August 2019 - Healing Powers


Dementia patients are welcomed to the wonderful world of horses.

by Brooke Goddard

Dementia saps a person’s independence and creates many difficulties not only for the afflicted person, but for the family as well. Jill Hamilton knows well the toll dementia takes, as her mother is in the late stages of the disease and has to live in a special facility.

Photo: Grand Pix Photography

Jill and her business partner, Nancy Thomas, operate Millennium Farm in Portola Valley. They specialize in junior and amateur riders, and Nancy is a very competitive hunter rider. Millennium Farm regularly brings a large contingent to the Langer Equestrian Group Woodside shows and it was there, in conversation with LEG’s Managing Director, that Jill’s idea took shape.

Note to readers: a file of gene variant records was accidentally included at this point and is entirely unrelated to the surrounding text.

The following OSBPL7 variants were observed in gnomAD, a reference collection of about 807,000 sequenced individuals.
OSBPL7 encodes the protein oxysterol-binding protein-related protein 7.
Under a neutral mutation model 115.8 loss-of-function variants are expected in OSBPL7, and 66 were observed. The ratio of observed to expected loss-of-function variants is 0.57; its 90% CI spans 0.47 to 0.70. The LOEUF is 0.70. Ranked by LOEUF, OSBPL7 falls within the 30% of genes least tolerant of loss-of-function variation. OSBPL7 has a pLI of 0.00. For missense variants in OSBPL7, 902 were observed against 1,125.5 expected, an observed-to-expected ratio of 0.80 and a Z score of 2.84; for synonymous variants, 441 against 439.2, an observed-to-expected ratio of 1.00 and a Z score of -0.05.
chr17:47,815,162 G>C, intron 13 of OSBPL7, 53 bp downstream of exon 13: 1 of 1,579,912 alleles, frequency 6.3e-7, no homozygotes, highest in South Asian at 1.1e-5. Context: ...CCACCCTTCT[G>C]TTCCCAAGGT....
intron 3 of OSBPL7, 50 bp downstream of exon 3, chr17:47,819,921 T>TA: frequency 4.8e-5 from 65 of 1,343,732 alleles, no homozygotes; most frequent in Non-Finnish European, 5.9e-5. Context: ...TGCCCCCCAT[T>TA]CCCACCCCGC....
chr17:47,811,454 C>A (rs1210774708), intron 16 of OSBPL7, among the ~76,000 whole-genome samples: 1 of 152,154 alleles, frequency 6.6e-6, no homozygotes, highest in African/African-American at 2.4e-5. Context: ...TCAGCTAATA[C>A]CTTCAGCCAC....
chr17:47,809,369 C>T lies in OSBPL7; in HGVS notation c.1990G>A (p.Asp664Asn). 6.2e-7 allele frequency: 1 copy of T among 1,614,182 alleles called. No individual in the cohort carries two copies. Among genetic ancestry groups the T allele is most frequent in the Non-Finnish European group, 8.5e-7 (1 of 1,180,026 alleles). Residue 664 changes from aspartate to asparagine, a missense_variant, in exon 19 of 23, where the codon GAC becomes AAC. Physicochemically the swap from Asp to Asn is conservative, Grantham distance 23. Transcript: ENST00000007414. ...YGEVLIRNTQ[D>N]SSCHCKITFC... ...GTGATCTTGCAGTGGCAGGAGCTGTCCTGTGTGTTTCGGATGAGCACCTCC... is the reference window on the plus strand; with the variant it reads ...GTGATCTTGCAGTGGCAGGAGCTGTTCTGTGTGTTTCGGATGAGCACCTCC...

“About five years ago, I approached Marnye [Langer] and explained how my mom lived in a facility for people with dementia,” Jill shared. “I thought it would be great if we could have them come to visit the horse show. Without a second thought, Marnye was like ‘Let’s do it.’ Melessa Lee and the LEG Team coordinated setting up space for us and made it really easy.” Fortunately, the administrators at the dementia facility embraced the idea and they coordinated the transportation and supervision of their residents for a special field trip.

“It’s often hard for people with dementia to get out and I felt like meeting horses, petting dogs, and watching horse show rounds would be a great experience,” Jill said. “A lot of these people have had animals in the past, so it was a fun way for them to reconnect to their love of animals.”

Last summer, one woman had a remarkable reaction to visiting with Terry Morrison’s horse, Emma Snow. “There was a woman who hadn’t talked in many years,” Jill recounted. “She had horses growing up and when she saw the horses, she came alive. She even talked for a couple of days after seeing the horses. It gave me goosebumps.”

“If you can give people with dementia a small chance to have some independence, it’s really special,” Jill added.

“I want everyone to understand that people with dementia can still have experiences in life that are meaningful.”